Episcopal Relief & Development has programs to create economic opportunities for parents and primary caregivers including Savings with Education groups, financial and business training, and loans for small business through village banks and cooperatives. These programs can smooth tension and give parents control financially over how they provide means for families. 
     
  5. Protecting families
    Finally, Episcopal Relief & Development offers counseling and other services to prevent domestic and child abuse, ensure adequate child care, train leaders to put an end to violence and support people in crisis situations. Violence can uproot families that already rely on the bare minimum to survive. In times of violence, homes, crops, and even their essentials can be taken or left behind. 

    Teaching and implementing methods to approach confrontation in healthy, communicative ways can combat violence at home. In the bigger picture, it can help reduce tension in communities and increase safety, which effectively aids in making the other four cornerstones succeed. Episcopal Relief & Development often holds talks and initiatives that tackle violence against women, or gender-based violence, to show how we can get involved and share stories from which all can learn. Speaking out is a critical element to help prevent and quell violence; through their organization, it could even help prevent trafficking.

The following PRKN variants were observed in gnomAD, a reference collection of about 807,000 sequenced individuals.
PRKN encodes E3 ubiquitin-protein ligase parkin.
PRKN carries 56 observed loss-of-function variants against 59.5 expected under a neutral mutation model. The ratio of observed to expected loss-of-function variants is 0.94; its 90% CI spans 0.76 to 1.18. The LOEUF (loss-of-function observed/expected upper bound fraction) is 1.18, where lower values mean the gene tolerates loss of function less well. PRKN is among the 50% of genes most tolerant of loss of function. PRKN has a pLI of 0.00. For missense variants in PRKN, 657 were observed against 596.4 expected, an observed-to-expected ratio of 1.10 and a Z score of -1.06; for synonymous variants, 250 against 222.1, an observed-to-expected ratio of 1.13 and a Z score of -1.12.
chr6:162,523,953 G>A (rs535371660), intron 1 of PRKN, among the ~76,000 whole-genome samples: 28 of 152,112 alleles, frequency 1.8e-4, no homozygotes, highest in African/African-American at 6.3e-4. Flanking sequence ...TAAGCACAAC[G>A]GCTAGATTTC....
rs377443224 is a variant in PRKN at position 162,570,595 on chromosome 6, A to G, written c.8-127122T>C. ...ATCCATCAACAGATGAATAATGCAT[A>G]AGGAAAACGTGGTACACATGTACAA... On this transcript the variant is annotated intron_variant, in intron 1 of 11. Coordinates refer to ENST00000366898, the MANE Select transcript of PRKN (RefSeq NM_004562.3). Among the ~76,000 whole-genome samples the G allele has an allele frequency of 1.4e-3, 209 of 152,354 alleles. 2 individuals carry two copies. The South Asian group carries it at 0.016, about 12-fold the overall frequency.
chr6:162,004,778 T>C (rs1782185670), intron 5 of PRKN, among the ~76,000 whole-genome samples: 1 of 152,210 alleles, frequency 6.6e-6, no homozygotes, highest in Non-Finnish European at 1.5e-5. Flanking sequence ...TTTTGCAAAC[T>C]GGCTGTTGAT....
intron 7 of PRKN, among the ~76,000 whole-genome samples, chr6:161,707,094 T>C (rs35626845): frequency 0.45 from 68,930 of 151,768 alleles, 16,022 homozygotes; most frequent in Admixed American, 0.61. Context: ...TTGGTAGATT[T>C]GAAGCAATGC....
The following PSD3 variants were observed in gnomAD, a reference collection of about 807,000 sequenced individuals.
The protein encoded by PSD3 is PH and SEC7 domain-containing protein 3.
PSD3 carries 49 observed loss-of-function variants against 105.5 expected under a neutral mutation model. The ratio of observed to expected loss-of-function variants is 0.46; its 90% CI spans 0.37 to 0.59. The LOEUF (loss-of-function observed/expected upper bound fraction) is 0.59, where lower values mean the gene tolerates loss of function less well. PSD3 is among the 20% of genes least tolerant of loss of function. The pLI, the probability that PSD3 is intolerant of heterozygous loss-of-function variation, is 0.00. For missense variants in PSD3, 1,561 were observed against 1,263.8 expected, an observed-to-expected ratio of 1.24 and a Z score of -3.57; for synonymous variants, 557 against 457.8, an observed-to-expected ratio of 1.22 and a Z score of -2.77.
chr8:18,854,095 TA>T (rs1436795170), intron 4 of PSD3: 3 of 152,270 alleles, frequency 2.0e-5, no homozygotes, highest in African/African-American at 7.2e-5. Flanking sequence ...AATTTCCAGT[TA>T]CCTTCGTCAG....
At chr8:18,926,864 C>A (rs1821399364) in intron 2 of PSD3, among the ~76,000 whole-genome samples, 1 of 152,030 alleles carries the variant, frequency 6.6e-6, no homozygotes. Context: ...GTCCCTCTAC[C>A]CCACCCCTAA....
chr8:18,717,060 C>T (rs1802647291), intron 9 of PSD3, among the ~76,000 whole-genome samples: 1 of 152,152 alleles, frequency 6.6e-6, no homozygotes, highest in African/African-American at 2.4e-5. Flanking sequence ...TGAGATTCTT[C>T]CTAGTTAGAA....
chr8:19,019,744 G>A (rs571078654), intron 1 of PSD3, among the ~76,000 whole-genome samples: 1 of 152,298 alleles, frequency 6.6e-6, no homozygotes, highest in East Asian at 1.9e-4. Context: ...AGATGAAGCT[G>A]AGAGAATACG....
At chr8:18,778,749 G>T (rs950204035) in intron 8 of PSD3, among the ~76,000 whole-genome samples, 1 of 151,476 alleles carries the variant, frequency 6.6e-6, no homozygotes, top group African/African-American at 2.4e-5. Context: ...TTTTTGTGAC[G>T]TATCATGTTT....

How to Get Involved
After your first 1,000 days, you were not yet 3 years old. But your first 1,000 days may be remembered as a time when you were safe, cared and provided for, and loved. It’s important that each child around the world has the same start in their lives, so the subsequent 1,000, 10,000, and even 100,000 days are filled with confidence, strength, and love.

Children naturally are born with a will to live and figure things out for themselves. Take a look at this story, “Lessons from my three-year-old.” It’s a great example of a child wanting to take charge, thanks to a healthy upbringing with the right resources available to make them feel empowered. Children need a foundation of these five elements to raise them up and raise them to be strong and independent and healthy. 

If helping children thrive is important to your organization, consider a weeklong employee engagement program focusing on these five key areas each day of the week. From there, the only way up is to grow. 

Global Impact can help design activities and recruit speakers around nutrition, health, parental empowerment, economic stability and protecting families. These values and lessons are not just useful tools to help beneficiaries of Episcopal Relief & Development – you may be able to take them home to your own families and implement fundamental methods to ensure your own children grow up provided for and empowered. This opportunity will help countless families, starting with your own. Reach out to our team today!

Contact

U.S. HEADQUARTERS

1199 N. Fairfax St.
Suite 300
Alexandria, VA 22314
800-836-4620
[email protected]